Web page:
“I can say with confidence, there has never been a man or a woman — not me, not Bill, not anybody — more qualified to serve as President of the United States of America.”
And regardless of whether or not you like Hillary, you should feel PRIVILEGED to be able to vote for her because in doing so, you’ll be saying NO to bigotry and NO to allowing an abhorrent, volatile man to be trusted with nuclear weapons.
3) I think we should be jubilantly celebrating the ginormous crack Hillary Clinton placed in the glass ceiling by becoming the first woman nominee for president.
And as a whole, I don’t feel that we are. Or at least we’re not being vocal enough about it.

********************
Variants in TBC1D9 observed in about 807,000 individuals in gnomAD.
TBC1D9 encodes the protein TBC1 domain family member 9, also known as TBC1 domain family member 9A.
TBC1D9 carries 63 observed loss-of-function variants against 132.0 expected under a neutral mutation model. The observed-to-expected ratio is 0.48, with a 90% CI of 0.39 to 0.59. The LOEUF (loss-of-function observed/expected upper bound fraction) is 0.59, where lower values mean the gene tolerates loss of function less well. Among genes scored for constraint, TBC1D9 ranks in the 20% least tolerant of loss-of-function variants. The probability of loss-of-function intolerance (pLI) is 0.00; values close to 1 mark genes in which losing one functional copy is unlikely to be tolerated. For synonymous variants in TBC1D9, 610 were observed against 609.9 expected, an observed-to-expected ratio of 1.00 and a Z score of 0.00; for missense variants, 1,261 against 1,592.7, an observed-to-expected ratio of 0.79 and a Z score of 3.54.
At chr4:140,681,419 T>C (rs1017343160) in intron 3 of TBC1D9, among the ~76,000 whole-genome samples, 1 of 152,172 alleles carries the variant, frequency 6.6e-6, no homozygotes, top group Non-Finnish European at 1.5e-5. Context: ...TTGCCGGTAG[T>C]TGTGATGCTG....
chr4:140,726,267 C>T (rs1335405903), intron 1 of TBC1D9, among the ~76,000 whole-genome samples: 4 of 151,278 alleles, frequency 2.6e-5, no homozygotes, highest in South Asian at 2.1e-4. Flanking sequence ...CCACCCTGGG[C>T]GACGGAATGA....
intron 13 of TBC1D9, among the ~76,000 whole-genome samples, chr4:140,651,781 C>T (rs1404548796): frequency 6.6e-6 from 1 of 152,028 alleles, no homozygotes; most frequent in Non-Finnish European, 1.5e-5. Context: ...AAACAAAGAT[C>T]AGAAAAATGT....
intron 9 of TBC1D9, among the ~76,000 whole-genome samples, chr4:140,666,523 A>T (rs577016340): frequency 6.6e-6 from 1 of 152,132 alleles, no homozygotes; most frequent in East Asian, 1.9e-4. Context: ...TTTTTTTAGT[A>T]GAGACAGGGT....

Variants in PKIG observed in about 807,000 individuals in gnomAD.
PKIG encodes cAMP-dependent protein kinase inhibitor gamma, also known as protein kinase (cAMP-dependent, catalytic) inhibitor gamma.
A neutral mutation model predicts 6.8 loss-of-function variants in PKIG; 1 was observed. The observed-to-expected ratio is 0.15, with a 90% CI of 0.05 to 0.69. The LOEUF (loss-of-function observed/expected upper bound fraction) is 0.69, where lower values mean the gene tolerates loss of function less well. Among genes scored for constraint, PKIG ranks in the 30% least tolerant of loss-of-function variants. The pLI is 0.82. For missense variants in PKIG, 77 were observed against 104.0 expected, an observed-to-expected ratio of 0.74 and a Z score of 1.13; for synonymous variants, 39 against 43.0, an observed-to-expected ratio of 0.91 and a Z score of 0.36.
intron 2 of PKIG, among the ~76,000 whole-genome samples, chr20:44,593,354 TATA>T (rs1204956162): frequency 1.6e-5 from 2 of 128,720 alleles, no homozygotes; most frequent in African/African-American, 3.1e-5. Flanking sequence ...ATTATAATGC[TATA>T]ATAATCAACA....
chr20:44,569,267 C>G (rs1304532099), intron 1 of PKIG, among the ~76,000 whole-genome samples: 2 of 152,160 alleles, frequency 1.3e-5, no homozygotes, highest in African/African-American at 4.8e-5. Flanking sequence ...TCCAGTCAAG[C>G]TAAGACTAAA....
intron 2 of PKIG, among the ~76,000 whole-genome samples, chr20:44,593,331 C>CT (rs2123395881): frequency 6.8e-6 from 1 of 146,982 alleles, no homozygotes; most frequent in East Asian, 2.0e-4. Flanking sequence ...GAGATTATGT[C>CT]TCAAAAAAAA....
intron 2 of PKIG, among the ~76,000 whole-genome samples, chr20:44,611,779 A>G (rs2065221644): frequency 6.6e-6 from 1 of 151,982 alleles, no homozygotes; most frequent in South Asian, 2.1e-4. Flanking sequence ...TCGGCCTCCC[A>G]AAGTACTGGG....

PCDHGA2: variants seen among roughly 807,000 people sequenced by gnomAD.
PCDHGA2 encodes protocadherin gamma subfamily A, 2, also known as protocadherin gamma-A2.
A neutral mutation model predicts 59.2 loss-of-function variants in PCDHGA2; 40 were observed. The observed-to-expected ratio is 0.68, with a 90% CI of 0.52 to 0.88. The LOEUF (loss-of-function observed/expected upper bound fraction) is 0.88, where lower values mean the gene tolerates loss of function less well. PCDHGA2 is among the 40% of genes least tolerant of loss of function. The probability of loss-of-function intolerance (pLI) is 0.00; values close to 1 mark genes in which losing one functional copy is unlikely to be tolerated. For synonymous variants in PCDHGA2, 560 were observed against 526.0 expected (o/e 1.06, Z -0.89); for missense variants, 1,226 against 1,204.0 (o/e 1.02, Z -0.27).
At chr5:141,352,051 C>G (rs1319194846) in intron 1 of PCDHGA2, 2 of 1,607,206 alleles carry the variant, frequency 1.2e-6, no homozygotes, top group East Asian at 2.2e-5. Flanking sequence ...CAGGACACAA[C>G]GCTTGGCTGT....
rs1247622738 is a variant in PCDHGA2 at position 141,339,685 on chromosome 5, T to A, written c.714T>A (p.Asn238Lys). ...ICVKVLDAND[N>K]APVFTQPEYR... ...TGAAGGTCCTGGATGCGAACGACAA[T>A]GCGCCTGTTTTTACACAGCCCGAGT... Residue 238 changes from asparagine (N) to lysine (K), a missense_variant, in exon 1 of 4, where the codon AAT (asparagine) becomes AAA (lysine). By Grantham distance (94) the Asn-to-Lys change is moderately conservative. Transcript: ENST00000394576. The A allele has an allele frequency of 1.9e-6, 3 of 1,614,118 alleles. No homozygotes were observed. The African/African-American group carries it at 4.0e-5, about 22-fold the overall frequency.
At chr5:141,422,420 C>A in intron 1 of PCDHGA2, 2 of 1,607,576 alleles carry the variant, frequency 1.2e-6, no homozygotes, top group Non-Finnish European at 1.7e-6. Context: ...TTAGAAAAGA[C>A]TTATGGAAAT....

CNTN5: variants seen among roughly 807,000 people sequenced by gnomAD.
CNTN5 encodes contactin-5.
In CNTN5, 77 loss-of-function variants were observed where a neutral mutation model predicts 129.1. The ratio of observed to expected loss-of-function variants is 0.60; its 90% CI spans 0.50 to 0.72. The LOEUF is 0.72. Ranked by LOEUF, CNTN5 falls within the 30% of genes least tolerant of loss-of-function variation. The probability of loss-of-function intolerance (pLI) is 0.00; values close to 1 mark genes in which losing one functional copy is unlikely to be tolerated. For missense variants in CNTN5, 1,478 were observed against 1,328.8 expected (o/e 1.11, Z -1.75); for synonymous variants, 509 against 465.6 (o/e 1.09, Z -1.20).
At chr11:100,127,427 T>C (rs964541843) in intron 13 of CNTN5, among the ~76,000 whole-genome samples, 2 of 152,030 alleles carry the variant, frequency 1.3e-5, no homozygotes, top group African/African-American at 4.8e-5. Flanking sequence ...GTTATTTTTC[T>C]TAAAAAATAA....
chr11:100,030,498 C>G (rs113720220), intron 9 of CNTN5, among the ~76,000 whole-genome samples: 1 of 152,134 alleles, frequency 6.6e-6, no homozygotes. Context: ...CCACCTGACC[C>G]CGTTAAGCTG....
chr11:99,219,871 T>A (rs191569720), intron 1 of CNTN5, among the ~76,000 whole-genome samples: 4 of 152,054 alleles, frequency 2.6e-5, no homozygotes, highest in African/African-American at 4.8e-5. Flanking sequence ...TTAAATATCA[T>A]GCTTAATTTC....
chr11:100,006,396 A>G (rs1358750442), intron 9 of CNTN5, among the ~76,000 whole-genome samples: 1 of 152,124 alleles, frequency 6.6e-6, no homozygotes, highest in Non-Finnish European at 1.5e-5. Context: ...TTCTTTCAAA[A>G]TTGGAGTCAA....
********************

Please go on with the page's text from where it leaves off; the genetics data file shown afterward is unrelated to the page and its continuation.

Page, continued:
After listening to Hillary Clinton’s goose bump-inducing acceptance speech, I woke up the next day expecting the world to be different.
It had to be, after Hillary Clinton had stood tall and proud on that giant stage at the Democratic convention and said “Tonight, we’ve reached a milestone in our nation’s march toward a more perfect union: the first time that a major party has nominated a woman for president.
“Standing here as my mother’s daughter, and my daughter’s mother, I’m so happy this day has come. Happy for grandmothers and little girls and everyone in between. Happy for boys and men, too – because when any barrier falls in America, for anyone, it clears the way for everyone. When there are no ceilings, the sky’s the limit.”
I felt HOPE in the air after President Obama became the first black man to be nominated by a major political party for president. The world did feel different to me the day after that historic moment in history.